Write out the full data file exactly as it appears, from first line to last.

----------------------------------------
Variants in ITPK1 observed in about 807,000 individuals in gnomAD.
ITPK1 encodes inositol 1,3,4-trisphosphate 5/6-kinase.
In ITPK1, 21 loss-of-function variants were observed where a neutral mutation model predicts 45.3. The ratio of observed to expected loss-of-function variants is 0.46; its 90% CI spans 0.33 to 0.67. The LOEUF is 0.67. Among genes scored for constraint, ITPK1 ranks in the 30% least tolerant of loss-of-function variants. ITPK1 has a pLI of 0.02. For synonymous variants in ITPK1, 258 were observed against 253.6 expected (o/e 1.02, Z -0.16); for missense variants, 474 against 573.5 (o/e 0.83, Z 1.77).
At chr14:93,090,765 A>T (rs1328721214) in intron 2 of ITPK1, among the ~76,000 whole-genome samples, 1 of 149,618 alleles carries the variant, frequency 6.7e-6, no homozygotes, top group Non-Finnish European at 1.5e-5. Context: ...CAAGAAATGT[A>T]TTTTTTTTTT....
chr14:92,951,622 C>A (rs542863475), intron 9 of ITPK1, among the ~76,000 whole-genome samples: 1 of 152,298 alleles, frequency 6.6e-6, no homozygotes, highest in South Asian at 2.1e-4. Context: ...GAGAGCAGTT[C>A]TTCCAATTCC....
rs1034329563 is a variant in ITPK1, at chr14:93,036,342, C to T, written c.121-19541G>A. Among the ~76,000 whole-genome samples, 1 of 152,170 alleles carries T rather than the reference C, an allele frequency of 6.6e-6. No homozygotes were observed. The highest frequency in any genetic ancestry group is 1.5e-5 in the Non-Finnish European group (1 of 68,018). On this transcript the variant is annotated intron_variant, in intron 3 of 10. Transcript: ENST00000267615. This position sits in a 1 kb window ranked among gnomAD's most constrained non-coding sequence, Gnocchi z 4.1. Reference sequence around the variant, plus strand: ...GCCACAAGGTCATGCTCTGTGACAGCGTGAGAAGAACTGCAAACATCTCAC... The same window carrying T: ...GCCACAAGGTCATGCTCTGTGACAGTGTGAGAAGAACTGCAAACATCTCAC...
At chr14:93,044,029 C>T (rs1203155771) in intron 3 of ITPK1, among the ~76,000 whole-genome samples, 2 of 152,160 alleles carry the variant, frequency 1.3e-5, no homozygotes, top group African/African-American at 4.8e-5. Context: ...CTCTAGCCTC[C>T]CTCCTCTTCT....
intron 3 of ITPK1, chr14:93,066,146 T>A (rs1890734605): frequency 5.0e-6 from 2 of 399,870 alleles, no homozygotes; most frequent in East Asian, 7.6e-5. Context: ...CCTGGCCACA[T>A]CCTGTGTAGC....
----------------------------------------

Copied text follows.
Variants in ITPK1 observed in about 807,000 individuals in gnomAD.
ITPK1 encodes inositol 1,3,4-trisphosphate 5/6-kinase.
In ITPK1, 21 loss-of-function variants were observed where a neutral mutation model predicts 45.3. The ratio of observed to expected loss-of-function variants is 0.46; its 90% CI spans 0.33 to 0.67. The LOEUF is 0.67. Among genes scored for constraint, ITPK1 ranks in the 30% least tolerant of loss-of-function variants. ITPK1 has a pLI of 0.02. For synonymous variants in ITPK1, 258 were observed against 253.6 expected (o/e 1.02, Z -0.16); for missense variants, 474 against 573.5 (o/e 0.83, Z 1.77).
At chr14:93,090,765 A>T (rs1328721214) in intron 2 of ITPK1, among the ~76,000 whole-genome samples, 1 of 149,618 alleles carries the variant, frequency 6.7e-6, no homozygotes, top group Non-Finnish European at 1.5e-5. Context: ...CAAGAAATGT[A>T]TTTTTTTTTT....
chr14:92,951,622 C>A (rs542863475), intron 9 of ITPK1, among the ~76,000 whole-genome samples: 1 of 152,298 alleles, frequency 6.6e-6, no homozygotes, highest in South Asian at 2.1e-4. Context: ...GAGAGCAGTT[C>A]TTCCAATTCC....
rs1034329563 is a variant in ITPK1, at chr14:93,036,342, C to T, written c.121-19541G>A. Among the ~76,000 whole-genome samples, 1 of 152,170 alleles carries T rather than the reference C, an allele frequency of 6.6e-6. No homozygotes were observed. The highest frequency in any genetic ancestry group is 1.5e-5 in the Non-Finnish European group (1 of 68,018). On this transcript the variant is annotated intron_variant, in intron 3 of 10. Transcript: ENST00000267615. This position sits in a 1 kb window ranked among gnomAD's most constrained non-coding sequence, Gnocchi z 4.1. Reference sequence around the variant, plus strand: ...GCCACAAGGTCATGCTCTGTGACAGCGTGAGAAGAACTGCAAACATCTCAC... The same window carrying T: ...GCCACAAGGTCATGCTCTGTGACAGTGTGAGAAGAACTGCAAACATCTCAC...
At chr14:93,044,029 C>T (rs1203155771) in intron 3 of ITPK1, among the ~76,000 whole-genome samples, 2 of 152,160 alleles carry the variant, frequency 1.3e-5, no homozygotes, top group African/African-American at 4.8e-5. Context: ...CTCTAGCCTC[C>T]CTCCTCTTCT....
intron 3 of ITPK1, chr14:93,066,146 T>A (rs1890734605): frequency 5.0e-6 from 2 of 399,870 alleles, no homozygotes; most frequent in East Asian, 7.6e-5. Context: ...CCTGGCCACA[T>A]CCTGTGTAGC....